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A novel by Brian Daley (1979, Del Rey Science Fiction)
Book 2 of the Han Solo Adventures
5 years before Star Wars: A New Hope

Han joins up with an Authority agent to find a slaving ring.



2 stars

Read July 22nd to 25th, 1995  
    The following review and extended summary were written in June 2001.

Not the most exciting or interesting adventure, but we do get to learn plenty about Han Solo's beliefs.  

I wonder if Han and Chewbacca's currently-accepted back history were written before this novel, or if it was developed afterwards.  Because it is a good bet that Han's views on slavery stem from his encounter with Chewie so long ago when saving him from Imperial slavers.  

That is the entire main plot of this book, which is enjoyable, but not much else to speak of.  Han is so desperate for cash that he takes on a deal blind.  Unfortunately, it nips him in the butt, as the man flashes a gun at his head and forces him and Chewie to take on slaves.  But they barely get off the ground before something happens that gets the slavers killed and frees the slaves.  

For Han and Chewie were so desperate for repairs, too, that they installed "fluidic" systems instead of the normal replacement parts.  They have also taken on Bullox and Blue Max (who gets another awkward sentence about why he's named that way), from the last book, who are apparently paying their way as passengers by working.  Somehow I can't see Han doing that, even for the extra labor.  

A near-burst had earlier sent the two droids to make a temporary fix to the fluidic systems, with Han saying that they could have been up to their chins in fire-extinguishing foam (though why the system would flood the whole ship is beyond me).  So when the slavers take over, the droids undo their work, and the foam distracts the slavers long enough for Han to regain control of the ship.  

And so begins a long search for the slavers' boss, from whom Han wants to get his money, even though he never did the actual job.  He stakes out the meeting point, to no avail, and meets with a woman who turns out to be a Corporate Sector Authority agent.  She leads him on a wild goose chase, while they also outrun the slavers' contact on swoops (introduced way before Shadows of the Empire, where I thought they were first seen!).  

Chewie, meanwhile, investigates somebody trying to gain access to the Millennium Falcon, and who claims to be a collections agent, for somebody to whom Han owes money.  The little alien follows Chewie around, and they meet up with Han and the woman, Fiolla, who has entered into a reluctant partnership with the smuggler.  

To escape notice, Chewie and the collections agent lift off in the Falcon, and Han and Fiolla take a passenger shuttle into orbit.  But their ship is boarded by pirates (claims the crew), though Han reasons that it is the slavers, looking for them.  They bail out in an escape shuttle, and land on the planet where the Falcon is marooned. How likely is that?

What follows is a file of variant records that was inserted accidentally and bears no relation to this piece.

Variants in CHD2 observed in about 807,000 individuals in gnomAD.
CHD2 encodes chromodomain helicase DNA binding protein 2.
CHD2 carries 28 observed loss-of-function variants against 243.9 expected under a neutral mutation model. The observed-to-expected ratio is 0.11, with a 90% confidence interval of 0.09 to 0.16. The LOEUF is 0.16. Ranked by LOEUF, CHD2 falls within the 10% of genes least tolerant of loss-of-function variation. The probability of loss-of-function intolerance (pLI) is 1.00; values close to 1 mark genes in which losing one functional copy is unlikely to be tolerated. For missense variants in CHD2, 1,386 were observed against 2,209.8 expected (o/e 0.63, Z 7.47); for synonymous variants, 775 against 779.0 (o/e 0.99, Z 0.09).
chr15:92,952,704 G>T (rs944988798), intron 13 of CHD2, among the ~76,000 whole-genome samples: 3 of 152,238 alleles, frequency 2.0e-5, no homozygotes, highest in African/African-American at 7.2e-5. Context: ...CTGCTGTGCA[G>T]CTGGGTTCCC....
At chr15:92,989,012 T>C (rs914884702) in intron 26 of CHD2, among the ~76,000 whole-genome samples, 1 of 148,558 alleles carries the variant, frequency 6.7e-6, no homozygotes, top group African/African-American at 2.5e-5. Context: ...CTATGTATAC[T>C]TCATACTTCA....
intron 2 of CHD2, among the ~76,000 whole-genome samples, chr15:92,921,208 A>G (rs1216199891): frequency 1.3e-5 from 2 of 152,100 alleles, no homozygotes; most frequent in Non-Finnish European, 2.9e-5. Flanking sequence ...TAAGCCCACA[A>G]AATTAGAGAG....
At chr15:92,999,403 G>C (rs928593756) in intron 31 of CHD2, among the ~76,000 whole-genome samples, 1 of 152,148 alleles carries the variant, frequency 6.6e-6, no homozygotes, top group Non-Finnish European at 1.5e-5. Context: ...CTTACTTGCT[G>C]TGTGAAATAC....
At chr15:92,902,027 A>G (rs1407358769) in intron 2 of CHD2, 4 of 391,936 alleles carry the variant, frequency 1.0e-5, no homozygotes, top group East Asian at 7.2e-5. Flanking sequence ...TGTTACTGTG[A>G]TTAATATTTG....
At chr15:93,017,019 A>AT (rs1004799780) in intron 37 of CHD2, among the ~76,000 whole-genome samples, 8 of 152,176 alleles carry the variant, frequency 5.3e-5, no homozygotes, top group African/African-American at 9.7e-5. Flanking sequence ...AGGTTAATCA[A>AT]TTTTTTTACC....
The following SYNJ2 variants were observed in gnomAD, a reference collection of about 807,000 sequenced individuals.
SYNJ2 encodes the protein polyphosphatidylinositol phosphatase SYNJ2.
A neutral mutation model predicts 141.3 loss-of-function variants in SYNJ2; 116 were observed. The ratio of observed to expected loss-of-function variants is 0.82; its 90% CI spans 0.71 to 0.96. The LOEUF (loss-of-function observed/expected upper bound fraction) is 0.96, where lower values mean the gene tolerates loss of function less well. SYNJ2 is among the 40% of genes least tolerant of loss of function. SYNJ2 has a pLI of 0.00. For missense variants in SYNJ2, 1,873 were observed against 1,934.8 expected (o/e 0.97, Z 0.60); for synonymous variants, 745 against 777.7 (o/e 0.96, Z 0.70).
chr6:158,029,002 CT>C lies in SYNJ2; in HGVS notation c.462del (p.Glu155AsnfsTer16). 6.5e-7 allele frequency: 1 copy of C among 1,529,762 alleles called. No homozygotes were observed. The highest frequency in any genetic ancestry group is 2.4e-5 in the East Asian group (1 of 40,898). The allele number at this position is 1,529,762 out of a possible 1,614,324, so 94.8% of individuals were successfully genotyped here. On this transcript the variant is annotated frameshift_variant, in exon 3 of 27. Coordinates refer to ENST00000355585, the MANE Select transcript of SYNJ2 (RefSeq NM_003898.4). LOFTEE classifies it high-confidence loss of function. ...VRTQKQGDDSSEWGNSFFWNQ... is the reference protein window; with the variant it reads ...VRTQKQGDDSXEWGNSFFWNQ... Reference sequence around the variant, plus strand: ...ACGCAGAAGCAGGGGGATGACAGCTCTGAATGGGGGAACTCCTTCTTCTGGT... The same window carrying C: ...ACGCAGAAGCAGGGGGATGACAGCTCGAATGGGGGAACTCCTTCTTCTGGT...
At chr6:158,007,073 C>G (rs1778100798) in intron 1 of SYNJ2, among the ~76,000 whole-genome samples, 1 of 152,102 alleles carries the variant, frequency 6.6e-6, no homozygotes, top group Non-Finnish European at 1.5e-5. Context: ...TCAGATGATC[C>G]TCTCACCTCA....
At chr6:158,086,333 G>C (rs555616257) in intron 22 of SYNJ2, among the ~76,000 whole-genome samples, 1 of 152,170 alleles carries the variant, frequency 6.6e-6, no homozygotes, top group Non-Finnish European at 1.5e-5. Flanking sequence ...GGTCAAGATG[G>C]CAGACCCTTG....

Because, you see, a bomb had been planted on the outer hull before the Falcon had lifted off.  But it didn't do so much damage because of the fluidic systems.  Which explains why the author went to so much trouble to describe the fluidics to us...

Han intervenes in a clan dispute which I really didn't understand, and almost gets into a shootout with famed fast-draw Gallandro, who eventually ends up being father to Anja, from the Young Jedi Knights Under Black Sun trilogy. But Gallandro decides that he wouldn't fight Han today, which will lead to their encounter in the next book.  

Chewie is chased away from the ship by a giant herd of stampeding animals, and returns in time to meet with Han and Fiolla.  After Han and Chewie replace the damaged fluidics with real electronics (now that their purpose is over), the slavers find them again.  

Up into space we go, and the slavers capture the Falcon in a tractor beam.  At the same time, an Authority security vessel approaches, and takes the slavers captive, that being Solo's Revenge, I suppose.  There, it is revealed that the collections agent is actually the Authority overseer for this sector, and Gallandro and Fiolla are his agents.

Gallandro takes possession of the Falcon, but Han is able to overcome him using his wit more than his gun, and he exchanges his own freedom for that of Gallandro's, thus assuring that their next meeting will not be a pleasant one.

And there we have it.  Not much to this book.  What battles there were had some interesting moments, but nothing like in the last book.  This one mostly had Han reacting to events, not really controlling them, as I enjoy more.  Entertaining, but not much more than that.


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